In high school, Brenda Chavez saw a civil rights attorney speaking on television. She was so moved by seeing someone standing up for someone else that she knew she wanted to be a lawyer too. It wasn’t going to be easy; she had never met an attorney, and she would be the first in her family to go to college.
“My mom came to the U.S. to give me a better life,” says Brenda, “and saved every penny to buy a house, even took on boarders to make ends meet. Lots of people struggled to help me get where I needed to go.”
Multiple scholarships—and a lot of hard work—led Brenda to graduate with departmental honors from Stanford University, where she was in the first class to major in Chicana/Chicano Studies. Brenda then went on to earn her Juris Doctorate from Columbia University.
“My scholarship from HSF really opened doors for me,” Brenda notes. “College gave me more than just the know-how for my degree; it also taught me life skills like the importance of giving back, having self-discipline, and thinking outside the box. Since I’ve graduated, all of those skills have helped me. Without the flexibility of my HSF scholarships, it would have been harder to get the breadth of experiences that I did.”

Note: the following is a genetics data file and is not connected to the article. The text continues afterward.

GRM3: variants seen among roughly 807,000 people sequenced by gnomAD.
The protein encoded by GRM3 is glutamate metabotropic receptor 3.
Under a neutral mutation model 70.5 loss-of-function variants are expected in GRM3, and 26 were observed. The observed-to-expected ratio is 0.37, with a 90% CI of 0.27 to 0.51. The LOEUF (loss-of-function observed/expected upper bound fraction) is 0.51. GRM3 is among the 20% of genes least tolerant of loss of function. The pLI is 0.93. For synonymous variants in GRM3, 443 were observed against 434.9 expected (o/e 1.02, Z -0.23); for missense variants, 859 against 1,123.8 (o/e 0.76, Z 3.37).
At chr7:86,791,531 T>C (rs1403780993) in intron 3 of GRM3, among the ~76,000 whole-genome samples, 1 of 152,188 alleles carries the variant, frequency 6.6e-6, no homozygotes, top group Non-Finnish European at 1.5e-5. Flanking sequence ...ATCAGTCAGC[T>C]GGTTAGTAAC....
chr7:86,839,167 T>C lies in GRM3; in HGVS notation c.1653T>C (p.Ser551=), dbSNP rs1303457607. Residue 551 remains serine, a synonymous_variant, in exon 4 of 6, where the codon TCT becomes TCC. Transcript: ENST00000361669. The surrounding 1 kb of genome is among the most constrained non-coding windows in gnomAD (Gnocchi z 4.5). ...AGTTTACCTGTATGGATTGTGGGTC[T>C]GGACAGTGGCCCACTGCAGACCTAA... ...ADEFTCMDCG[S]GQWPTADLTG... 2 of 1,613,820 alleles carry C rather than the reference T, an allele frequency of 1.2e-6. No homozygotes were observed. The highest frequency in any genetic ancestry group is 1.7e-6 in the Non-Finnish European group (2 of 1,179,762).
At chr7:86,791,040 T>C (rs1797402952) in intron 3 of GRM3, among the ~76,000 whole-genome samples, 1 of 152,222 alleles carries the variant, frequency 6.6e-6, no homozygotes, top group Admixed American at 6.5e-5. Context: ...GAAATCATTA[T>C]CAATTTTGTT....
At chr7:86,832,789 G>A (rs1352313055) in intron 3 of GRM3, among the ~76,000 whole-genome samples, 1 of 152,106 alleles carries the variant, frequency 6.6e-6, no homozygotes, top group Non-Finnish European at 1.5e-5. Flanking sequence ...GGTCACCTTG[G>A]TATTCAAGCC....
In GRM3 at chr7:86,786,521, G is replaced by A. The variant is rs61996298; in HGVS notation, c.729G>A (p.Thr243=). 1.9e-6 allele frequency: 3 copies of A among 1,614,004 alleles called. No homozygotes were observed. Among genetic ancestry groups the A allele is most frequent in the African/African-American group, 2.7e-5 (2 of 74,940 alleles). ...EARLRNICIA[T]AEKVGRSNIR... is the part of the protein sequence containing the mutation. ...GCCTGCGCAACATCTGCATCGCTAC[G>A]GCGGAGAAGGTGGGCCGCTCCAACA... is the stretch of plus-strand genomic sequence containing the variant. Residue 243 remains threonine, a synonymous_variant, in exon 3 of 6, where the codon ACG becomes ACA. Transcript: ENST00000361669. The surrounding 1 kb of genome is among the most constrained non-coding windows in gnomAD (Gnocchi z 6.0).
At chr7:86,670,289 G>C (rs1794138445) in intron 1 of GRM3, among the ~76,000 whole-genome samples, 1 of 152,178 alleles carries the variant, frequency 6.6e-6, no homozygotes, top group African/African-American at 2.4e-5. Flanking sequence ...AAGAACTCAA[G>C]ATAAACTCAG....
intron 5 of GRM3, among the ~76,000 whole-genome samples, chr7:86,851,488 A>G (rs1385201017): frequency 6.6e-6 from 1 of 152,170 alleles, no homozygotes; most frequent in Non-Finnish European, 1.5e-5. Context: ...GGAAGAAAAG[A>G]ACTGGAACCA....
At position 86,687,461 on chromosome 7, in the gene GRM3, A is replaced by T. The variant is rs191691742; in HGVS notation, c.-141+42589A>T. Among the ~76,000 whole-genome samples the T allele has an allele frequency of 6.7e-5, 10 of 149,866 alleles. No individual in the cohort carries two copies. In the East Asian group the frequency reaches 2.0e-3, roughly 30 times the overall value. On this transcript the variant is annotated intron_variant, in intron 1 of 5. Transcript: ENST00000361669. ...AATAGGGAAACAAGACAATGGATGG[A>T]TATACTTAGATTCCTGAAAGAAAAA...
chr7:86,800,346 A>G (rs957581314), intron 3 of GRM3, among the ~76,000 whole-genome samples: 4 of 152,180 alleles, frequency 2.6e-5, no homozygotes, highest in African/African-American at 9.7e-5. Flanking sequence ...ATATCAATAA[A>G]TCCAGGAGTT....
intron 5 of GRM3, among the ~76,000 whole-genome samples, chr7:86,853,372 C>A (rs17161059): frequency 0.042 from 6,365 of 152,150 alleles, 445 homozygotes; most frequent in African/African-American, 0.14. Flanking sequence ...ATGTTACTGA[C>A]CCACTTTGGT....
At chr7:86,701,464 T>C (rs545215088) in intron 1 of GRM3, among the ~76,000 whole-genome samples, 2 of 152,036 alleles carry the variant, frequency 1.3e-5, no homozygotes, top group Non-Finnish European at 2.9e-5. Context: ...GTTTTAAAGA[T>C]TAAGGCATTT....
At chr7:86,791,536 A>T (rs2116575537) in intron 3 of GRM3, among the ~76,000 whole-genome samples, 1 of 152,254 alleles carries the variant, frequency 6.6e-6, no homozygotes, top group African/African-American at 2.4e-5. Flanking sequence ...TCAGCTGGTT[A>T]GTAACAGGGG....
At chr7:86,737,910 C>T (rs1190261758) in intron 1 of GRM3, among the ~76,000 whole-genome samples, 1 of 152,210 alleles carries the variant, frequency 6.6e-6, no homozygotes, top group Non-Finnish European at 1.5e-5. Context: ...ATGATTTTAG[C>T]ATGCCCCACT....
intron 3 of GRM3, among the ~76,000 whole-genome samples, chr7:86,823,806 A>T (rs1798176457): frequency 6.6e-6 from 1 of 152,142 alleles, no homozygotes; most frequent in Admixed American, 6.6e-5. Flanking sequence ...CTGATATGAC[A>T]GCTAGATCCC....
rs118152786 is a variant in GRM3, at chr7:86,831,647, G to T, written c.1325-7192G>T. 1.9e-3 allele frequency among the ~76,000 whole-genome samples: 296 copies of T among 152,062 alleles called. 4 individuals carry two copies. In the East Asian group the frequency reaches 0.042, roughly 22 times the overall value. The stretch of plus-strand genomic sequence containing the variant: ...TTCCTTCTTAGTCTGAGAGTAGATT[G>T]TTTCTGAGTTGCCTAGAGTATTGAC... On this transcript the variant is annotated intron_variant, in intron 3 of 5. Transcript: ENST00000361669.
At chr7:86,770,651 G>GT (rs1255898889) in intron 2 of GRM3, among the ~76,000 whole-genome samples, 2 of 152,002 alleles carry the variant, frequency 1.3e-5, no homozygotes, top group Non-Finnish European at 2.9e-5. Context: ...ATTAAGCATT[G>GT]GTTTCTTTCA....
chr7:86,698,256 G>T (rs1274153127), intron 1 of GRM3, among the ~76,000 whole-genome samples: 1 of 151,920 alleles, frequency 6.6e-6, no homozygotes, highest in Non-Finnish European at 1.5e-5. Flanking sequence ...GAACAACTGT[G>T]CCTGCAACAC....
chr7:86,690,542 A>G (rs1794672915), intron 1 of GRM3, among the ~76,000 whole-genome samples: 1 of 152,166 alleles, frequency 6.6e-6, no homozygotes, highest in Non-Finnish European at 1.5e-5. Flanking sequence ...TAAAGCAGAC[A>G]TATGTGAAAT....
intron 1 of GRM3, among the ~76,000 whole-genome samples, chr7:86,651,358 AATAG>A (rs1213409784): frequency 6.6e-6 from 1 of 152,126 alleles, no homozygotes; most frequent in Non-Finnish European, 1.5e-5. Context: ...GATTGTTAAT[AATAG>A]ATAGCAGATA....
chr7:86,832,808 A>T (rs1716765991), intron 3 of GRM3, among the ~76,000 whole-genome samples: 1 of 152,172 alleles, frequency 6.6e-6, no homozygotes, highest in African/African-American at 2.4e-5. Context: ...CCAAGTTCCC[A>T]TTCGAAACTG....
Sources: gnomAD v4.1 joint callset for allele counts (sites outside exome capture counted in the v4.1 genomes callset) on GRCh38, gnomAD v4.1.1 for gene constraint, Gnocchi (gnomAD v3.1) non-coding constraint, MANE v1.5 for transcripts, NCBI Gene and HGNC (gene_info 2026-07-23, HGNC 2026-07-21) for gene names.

Today Brenda is admitted to practice law in New York and California, and is an Associate with Leader Gorham LLP in Los Angeles. She represents clients on a broad range of business transactional matters, including the acquisition and licensing of intellectual property. Her clients include business startups, filmmakers, artists and Web designers.
Brenda knows that she couldn’t have gotten where she is today without the role models and mentors she had along the way. That’s why she has stepped up to be a mentor to many Hispanic students. She says, “a lot of what I have been able to do has been because of my mother and other women in my family who didn’t have the same opportunities I did. That’s what I think about when I talk with young people just starting out.”
One of her tips? “Be a student of life, for life!” she shares. “You have to do what’s required, but also open yourself, take advantage of all college has to offer, be well-rounded, be part of the community.” As evidence that she still takes her own advice, Brenda founded Casa Coyo—a cultural arts organization and aspiring artist colony (CasaCoyo.org)—as an expression of her activism, creativity and desire to enact change in the world.
“I hope students see that if I can do it, so can they,” says Brenda. “Nothing is out of your reach!”